After declaring myself to be unfit for adult interaction based on my eagerness to hang out with 16-year olds forever, a funny thing happened.
I found myself at a bar in Cape Cod, being introduced to a friend of friend, who agreed to a) make a total idiot of himself dancing with me to a country band and b) confessed that he “does a lot of yoga.” (I asked if he could put his legs behind his head. Kidding.) I asked if he did yoga up here, and he said, no, because he did a very specific kind of yoga in New York City, which, lo and behold, turned out to be the very specific kind of yoga I do in New York City. I explained that I’d been thinking about trying to get in touch with one of my teachers, because I suspected she knew where to find good yoga in Wellfleet. It turned that he was an old friend of the teacher. Somehow, we concluded we’d be better off trying to do some yoga on our own. We discovered at that =we were both early morning people (!!), so agreed to convene at 8 thirty on Sunday morning for living room yoga.
Probably, if you had told me two years ago that I’d be strapping a yoga mat to my back, getting on my bicycle and going to a stranger’s house in Wellfleet to do an independent yoga practice, I would have told you that biking was dangerous and boring and no way to transport a yoga mat. But, today, there I was, in someone’s living room, doing the Anusara invocation, and then taking turns leading sequences for an entire hour, finally ending with handstands in a backyard and meditation. (Actually the real ending was drinking green tea and me trying to sneak peaks at a book on Co-Dependency I found on the bookshelf, but no one is supposed to know about that.)
But actually, the entire experience sheds light on two important tenets of Anusara: finding the teacher within, and appreciating the many teachers around you. Basically, I was starting to, as yogis say, freak-the-f*ck out because I hadn’t been to a decent yoga class in 6 days. I knew that I could teach yoga for 5 minutes to high schoolers, but I had no faith or patience to explore my ability to teach myself.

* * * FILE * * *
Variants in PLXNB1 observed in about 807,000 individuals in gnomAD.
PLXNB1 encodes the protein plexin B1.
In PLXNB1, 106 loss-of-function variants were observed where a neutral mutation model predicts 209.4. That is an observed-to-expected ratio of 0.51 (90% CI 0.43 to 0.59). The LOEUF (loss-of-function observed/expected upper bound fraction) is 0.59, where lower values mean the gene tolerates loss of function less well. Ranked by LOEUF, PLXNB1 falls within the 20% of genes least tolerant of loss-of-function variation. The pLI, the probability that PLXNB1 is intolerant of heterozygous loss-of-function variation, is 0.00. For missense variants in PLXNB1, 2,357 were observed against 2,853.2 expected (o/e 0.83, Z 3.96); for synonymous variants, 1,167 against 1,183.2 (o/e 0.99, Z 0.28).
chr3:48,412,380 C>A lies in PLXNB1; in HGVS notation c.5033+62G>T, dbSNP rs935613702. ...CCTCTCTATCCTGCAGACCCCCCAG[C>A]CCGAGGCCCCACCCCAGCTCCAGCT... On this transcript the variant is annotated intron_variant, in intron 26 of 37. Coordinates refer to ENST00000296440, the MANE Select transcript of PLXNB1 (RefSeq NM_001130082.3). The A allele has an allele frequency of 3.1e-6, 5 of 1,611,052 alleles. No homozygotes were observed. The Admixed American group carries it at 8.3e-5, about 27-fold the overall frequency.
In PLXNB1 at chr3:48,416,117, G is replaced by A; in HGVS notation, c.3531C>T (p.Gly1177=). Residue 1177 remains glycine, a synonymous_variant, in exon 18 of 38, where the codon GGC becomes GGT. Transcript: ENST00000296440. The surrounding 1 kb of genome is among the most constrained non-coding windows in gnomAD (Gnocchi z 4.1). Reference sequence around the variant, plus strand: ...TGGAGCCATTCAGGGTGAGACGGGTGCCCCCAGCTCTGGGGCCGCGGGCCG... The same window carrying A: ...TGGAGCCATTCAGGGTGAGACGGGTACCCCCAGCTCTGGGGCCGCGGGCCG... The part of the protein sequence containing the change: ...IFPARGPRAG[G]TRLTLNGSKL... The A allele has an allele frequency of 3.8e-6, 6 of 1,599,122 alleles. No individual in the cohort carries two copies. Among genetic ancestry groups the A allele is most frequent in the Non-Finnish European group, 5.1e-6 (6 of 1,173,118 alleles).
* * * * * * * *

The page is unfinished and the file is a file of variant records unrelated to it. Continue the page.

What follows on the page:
Today, we got together to simply practice. And while our “class” was certainly different than one would have been with a teacher and we may not have pushed ourselves as yogis the way a teacher might have been able to, we did push ourselves conceptually. We learned how to build something entirely original, entirely makeshift, but entirely solid and valuable. I personally learned something that my teachers are always trying to tell me, which is that yoga can be kind of playful, rather than serious. Sometimes having fun can be as meaningful as concentration, and sometimes, having fun leads to a freedom that actually increases concentration.
The irony is that my desperation to get in touch with my teacher so she could tell me what to do and where to go, led me to someone who helped me to a place where I was to teach and guide myself. I was right that I needed her to find good yoga, but not in the way that I thought. More important than having a leader is thinking about what constitutes the role of leader.
In fact, it’s a lot like being unemployed. When you are unemployed, unless you have succesfully learned how to work the remote control (I have not), you wake up every morning and have to build yourself a day. There are no rules, no time frames, no target goals set by anyone else. And it is a lot harder to measure your own success when you’re not trying to meet someone else’s standards. But as in today’s yoga “class,” it turns out that while you may not be pushing as hard in a particular “pose,” you must push yourself very hard to create and follow through on every single sequence. Your pursuit of these sequences becomes your only way of creating some semblance of success.
What I learned by being my own yoga teacher was that you can draw as much benefit from carrying out your own selection of simple postures as you can doing fancy moves because someone with authority told you to. Put that in your life, and smoke it.